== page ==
The study informed me, India has the largest and fastest-growing audience for YouTube. But, in the top 100, the YouTube brand ranks at a lowly 73. This is an improvement, considering that the brand was not even in the top 100 in the last year’s edition of the study. The Indian obsession with social media does not do any wonders to the ranking of Facebook. The Mark Zuckerberg tech corporation drops 10 places to settle at rank 41.
India is obsessed about TikTok and WhatsApp, but these brands find no spot in the top 100. Only Instagram appears in the top 100 at the 81st rank — it was not in the top 100 last year.
Dentsu Webchutney's Sidharth Rao's new book (How I Almost Blew It) has been published this month. A serial digital entrepreneur, Rao co-founded Webchutney at the age of 19, which was acquired by Japanese advertising giant Dentsu in 2013. The book is important for the thought leaders in the print industry because it has a spotlight about the country’s most successful entrepreneurs who created brands such as Zomato, FreeCharge and BookMyShow.
At a recent meet, Sidharth Rao had three suggestions for those wanting to get digital:
- The consumer is a human being
- Ideas are based on analytics, insights and truth
- Digital allows amplification, reach and authenticity at scale
While I heard him, I realised, all these three points can be applied to print, too.
So what should we do – and where are we heading?
Ashish Bhasin, CEO APAC and chairman India, Dentsu Aegis Network, has a thing or two to say. He says, "After India opened up its economy in 1991, there have been few local brands that have grown from strength to strength. In the corporate sector, Indian businesses have been successful, but there have been fewer examples of consumer brands at scale. We can certainly see a lot more than the Ola’s." The cab aggregator Ola has raced ahead at top speed into the top five — the only local brand to find parking space at the top of the Top 100 Indian Brands.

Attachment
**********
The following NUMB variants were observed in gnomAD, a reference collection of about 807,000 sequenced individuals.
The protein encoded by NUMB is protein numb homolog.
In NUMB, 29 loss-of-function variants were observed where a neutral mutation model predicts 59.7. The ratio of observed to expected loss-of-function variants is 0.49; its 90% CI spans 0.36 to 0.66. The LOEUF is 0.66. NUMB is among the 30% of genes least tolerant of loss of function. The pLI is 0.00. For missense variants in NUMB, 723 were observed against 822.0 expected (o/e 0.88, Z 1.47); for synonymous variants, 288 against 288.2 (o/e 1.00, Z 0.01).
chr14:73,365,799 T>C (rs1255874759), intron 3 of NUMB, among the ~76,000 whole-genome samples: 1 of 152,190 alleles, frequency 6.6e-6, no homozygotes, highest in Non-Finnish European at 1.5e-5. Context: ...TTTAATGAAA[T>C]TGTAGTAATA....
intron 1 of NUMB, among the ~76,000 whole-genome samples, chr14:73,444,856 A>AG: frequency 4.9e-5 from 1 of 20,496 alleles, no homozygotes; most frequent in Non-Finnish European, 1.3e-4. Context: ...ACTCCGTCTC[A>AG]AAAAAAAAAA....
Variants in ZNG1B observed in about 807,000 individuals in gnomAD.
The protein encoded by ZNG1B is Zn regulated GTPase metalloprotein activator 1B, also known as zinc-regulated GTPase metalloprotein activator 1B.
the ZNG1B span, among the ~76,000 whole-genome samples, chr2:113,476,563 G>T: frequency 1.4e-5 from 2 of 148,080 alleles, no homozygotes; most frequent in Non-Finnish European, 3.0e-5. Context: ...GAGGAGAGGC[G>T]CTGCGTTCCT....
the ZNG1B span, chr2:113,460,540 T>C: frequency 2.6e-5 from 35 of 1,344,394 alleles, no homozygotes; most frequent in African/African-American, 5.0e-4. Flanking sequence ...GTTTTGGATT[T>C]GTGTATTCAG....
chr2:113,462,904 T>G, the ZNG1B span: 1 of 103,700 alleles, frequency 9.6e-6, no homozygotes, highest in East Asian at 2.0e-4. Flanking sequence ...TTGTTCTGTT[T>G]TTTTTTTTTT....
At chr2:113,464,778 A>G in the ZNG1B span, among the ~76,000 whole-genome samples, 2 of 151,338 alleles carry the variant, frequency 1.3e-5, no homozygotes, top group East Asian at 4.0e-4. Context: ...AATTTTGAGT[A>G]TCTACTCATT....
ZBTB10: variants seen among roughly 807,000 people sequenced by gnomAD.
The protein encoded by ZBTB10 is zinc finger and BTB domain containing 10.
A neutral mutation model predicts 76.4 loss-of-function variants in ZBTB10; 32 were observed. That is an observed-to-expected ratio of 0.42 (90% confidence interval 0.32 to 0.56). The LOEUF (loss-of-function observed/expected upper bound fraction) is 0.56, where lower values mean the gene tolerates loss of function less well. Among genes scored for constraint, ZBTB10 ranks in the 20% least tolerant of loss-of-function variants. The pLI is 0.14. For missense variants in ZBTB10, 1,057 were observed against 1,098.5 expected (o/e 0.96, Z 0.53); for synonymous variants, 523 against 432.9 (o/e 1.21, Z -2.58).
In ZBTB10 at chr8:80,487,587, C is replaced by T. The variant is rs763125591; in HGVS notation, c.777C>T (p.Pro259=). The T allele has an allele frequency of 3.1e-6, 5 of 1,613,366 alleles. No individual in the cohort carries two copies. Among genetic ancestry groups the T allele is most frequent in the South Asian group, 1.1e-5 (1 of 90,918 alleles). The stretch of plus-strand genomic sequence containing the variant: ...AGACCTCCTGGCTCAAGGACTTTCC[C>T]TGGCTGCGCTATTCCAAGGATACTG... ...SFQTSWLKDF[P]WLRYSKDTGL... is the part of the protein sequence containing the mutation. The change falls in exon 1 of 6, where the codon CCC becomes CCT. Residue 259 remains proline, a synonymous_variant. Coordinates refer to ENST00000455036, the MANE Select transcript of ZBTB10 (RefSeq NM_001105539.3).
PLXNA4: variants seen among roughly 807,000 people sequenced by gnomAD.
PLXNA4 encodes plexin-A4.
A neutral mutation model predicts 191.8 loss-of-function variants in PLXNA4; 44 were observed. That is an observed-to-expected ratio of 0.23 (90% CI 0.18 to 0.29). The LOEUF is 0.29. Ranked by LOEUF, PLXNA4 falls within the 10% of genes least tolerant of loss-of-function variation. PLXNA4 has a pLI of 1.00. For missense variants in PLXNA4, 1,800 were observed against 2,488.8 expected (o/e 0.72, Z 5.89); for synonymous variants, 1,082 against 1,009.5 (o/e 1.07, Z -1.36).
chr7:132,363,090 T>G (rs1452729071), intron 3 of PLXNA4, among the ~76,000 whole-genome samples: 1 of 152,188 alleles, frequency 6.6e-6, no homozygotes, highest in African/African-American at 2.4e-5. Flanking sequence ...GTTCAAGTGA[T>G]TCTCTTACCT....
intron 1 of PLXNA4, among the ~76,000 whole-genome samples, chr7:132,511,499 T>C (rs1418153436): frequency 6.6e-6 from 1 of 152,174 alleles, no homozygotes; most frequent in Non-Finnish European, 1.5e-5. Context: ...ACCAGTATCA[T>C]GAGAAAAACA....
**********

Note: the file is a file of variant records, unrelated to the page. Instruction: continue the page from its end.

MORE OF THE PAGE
Bhasin adds that in the FMCG space, which accounts for a large part of marketing spends, there have been hardly any newer brands — but FMCG marketers have been relying heavily on variants. In the financial services space, SBI emerges as the top Indian financial brand, at number 36. ICICI Bank drops from 41 to 46, while HDFC Bank sees a huge downward spiral to 69th rank (it occupied the 47th rank in 2018).
Returning to the brand survey, the fastest risers in this year’s edition include Mother Dairy that rises the ranks from 87 to 50 and Baba Ramdev’s FMCG brand, Patanjali, which races ahead from 45 in 2018 to 13 this year.
In the top 10, other than Ola, foods major Amul, which was at number four last year, dropped two spots to settle at number six. Retailer Big Bazaar has also lost two ranks and settles in at number 10. Meanwhile, homegrown retailing giant, Flipkart, tanks from the 30th position to 57th rank. In the airline space, Air India might not exactly be in the pink of health, but it’s the top-ranking local airline brand in the study at number 31, an improvement of eight ranks from its previous year’s position. And Jet Airways, which may be officially out of business, remains in the top 100 even as its ranking nosedives from 65 to 76. The airline that benefitted the most from the mayhem in Indian skies is Indigo, which drops a rank in order to settle at 85.
The point is, local brands might be on a slow track as far as India is concerned, but the story is far from over.
Sriraam Selvam is the associate editor of PrintWeek India as well as WhatPackaging? magazines